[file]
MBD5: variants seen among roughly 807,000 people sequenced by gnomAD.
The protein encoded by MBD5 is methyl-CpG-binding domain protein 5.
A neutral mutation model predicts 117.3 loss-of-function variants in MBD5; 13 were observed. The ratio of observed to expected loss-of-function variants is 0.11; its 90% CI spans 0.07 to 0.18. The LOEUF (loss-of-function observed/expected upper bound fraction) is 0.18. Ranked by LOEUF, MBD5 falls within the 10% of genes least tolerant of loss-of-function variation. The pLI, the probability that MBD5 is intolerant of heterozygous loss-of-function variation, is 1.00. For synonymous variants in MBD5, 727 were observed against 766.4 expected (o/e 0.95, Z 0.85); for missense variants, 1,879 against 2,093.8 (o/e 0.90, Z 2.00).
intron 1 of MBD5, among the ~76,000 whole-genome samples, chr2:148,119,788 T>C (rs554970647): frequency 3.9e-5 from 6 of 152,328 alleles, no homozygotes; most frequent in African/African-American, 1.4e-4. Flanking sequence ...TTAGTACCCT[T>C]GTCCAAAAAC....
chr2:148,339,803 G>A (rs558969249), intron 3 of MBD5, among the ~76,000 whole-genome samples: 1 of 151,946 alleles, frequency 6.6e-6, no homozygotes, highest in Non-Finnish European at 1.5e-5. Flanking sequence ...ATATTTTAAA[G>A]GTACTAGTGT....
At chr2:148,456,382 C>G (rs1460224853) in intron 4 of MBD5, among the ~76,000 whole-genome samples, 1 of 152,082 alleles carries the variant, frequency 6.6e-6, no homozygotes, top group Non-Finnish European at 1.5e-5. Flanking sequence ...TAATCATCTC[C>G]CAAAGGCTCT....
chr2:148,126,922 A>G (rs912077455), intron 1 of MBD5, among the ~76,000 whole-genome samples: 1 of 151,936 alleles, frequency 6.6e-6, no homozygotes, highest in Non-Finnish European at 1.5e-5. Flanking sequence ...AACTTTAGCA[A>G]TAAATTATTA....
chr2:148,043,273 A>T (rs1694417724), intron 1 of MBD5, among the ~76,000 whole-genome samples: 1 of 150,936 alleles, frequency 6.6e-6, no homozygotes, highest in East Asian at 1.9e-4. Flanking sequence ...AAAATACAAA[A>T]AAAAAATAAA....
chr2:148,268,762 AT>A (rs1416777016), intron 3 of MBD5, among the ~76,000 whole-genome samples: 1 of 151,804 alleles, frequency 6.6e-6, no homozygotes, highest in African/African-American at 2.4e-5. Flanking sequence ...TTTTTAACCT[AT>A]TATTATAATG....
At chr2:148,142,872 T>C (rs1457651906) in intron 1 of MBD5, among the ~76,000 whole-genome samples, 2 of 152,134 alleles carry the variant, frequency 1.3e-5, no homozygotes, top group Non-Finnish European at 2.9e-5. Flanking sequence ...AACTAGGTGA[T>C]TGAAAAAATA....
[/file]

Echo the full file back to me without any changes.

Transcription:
MBD5: variants seen among roughly 807,000 people sequenced by gnomAD.
The protein encoded by MBD5 is methyl-CpG-binding domain protein 5.
A neutral mutation model predicts 117.3 loss-of-function variants in MBD5; 13 were observed. The ratio of observed to expected loss-of-function variants is 0.11; its 90% CI spans 0.07 to 0.18. The LOEUF (loss-of-function observed/expected upper bound fraction) is 0.18. Ranked by LOEUF, MBD5 falls within the 10% of genes least tolerant of loss-of-function variation. The pLI, the probability that MBD5 is intolerant of heterozygous loss-of-function variation, is 1.00. For synonymous variants in MBD5, 727 were observed against 766.4 expected (o/e 0.95, Z 0.85); for missense variants, 1,879 against 2,093.8 (o/e 0.90, Z 2.00).
intron 1 of MBD5, among the ~76,000 whole-genome samples, chr2:148,119,788 T>C (rs554970647): frequency 3.9e-5 from 6 of 152,328 alleles, no homozygotes; most frequent in African/African-American, 1.4e-4. Flanking sequence ...TTAGTACCCT[T>C]GTCCAAAAAC....
chr2:148,339,803 G>A (rs558969249), intron 3 of MBD5, among the ~76,000 whole-genome samples: 1 of 151,946 alleles, frequency 6.6e-6, no homozygotes, highest in Non-Finnish European at 1.5e-5. Flanking sequence ...ATATTTTAAA[G>A]GTACTAGTGT....
At chr2:148,456,382 C>G (rs1460224853) in intron 4 of MBD5, among the ~76,000 whole-genome samples, 1 of 152,082 alleles carries the variant, frequency 6.6e-6, no homozygotes, top group Non-Finnish European at 1.5e-5. Flanking sequence ...TAATCATCTC[C>G]CAAAGGCTCT....
chr2:148,126,922 A>G (rs912077455), intron 1 of MBD5, among the ~76,000 whole-genome samples: 1 of 151,936 alleles, frequency 6.6e-6, no homozygotes, highest in Non-Finnish European at 1.5e-5. Flanking sequence ...AACTTTAGCA[A>G]TAAATTATTA....
chr2:148,043,273 A>T (rs1694417724), intron 1 of MBD5, among the ~76,000 whole-genome samples: 1 of 150,936 alleles, frequency 6.6e-6, no homozygotes, highest in East Asian at 1.9e-4. Flanking sequence ...AAAATACAAA[A>T]AAAAAATAAA....
chr2:148,268,762 AT>A (rs1416777016), intron 3 of MBD5, among the ~76,000 whole-genome samples: 1 of 151,804 alleles, frequency 6.6e-6, no homozygotes, highest in African/African-American at 2.4e-5. Flanking sequence ...TTTTTAACCT[AT>A]TATTATAATG....
At chr2:148,142,872 T>C (rs1457651906) in intron 1 of MBD5, among the ~76,000 whole-genome samples, 2 of 152,134 alleles carry the variant, frequency 1.3e-5, no homozygotes, top group Non-Finnish European at 2.9e-5. Flanking sequence ...AACTAGGTGA[T>C]TGAAAAAATA....